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From the Country Standard Time Archives

Dixie Chicks put out high quality music

Arrowhead Pond, Anaheim, Cal., June 19, 2000

By Dan MacIntosh

ANAHEIM, CA It's easy to be skeptical about the success of the Dixie Chicks. These are three good-looking young women, with energy to burn.

Country music has plenty of glamor and energy these days. What it lacks is substance. For every Reba or Womack that comes along, there seem to be three Shania or Faith clones, without much artistic merit underneath all that makeup, charm and twang.

But when a trio this young hits the stage with an accomplished fiddle player on the left, and a real honest-to-goodness banjo player on the right and then proceeds to play sincere country music ranging from bluegrass to honky-tonk it gets harder and harder to find reasons to discount their high quality music.

Nevertheless, when an 'N Sync pre-show video received the loudest cheers from this mostly teenage female audience, it sure didn't feel like the last half hour before a country music concert.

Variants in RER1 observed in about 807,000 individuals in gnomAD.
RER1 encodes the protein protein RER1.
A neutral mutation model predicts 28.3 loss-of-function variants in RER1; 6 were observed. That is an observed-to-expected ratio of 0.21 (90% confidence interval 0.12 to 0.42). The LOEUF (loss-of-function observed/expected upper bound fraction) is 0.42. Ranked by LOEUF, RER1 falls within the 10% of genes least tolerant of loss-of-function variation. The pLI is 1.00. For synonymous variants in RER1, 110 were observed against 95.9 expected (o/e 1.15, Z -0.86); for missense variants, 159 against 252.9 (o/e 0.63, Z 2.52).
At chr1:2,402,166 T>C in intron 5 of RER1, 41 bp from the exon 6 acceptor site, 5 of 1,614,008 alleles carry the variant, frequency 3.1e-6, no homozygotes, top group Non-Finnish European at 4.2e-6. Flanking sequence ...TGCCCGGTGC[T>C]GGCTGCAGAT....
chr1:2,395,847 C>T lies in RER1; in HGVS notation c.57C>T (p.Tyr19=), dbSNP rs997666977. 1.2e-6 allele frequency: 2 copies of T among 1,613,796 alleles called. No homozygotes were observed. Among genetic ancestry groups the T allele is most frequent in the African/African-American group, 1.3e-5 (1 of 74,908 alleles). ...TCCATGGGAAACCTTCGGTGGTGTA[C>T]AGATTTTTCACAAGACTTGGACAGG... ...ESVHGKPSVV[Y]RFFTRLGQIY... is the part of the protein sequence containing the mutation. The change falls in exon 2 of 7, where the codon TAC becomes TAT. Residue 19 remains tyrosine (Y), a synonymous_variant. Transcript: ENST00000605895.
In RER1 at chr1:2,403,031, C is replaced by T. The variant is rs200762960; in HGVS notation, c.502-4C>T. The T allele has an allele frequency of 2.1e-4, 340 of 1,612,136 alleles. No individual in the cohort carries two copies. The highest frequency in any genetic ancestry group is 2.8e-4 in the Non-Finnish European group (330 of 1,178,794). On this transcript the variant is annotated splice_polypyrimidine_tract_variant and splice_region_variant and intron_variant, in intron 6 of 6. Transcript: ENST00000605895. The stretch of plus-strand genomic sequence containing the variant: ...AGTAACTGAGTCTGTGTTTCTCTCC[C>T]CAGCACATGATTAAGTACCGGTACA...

But from song two ("There's Your Trouble"), the Chicks led by the chirpy lead singing of Natalie Maines took control of the stage in front of this sold out arena audience and never looked back.

With "Hello Mr. Heartbreak," they tipped their bonnets to the Bakersfield sound, and "Tonight the Heartache's on Me" they showed they know how to leave a few tears in their beer.

They can also crank it up when they want to, as the did with "Let er Rip," and get down and blues-y, as with Bonnie Raitt's "Give It Up or Let Me Go."

They also had the class to invite opener Patty Griffin to sing with them on her song "Let Him Fly," which also inspired the album's title. This song, as well as a few others, was performed as the group lounged a big red stuffed couch rolled out to center stage for this occasion.

Other props of note included a big buzzing fly balloon, which hovered over the audience before they went on. The stage curtain pointed out another definition for the word fly, as it was designed to look like an old pair of jeans, with a giant zipper straight down the middle.

The Chicks encored with an uninspired version of their controversial hit "Goodbye Earl," before leading a sing-along of "Wide Open Spaces."

Griffin may have been an enigma to this youthful audience, but she nevertheless turned in a moody rocking set which included the sad suicide song "Tony," and a wonderful brand new country tune called "Truth."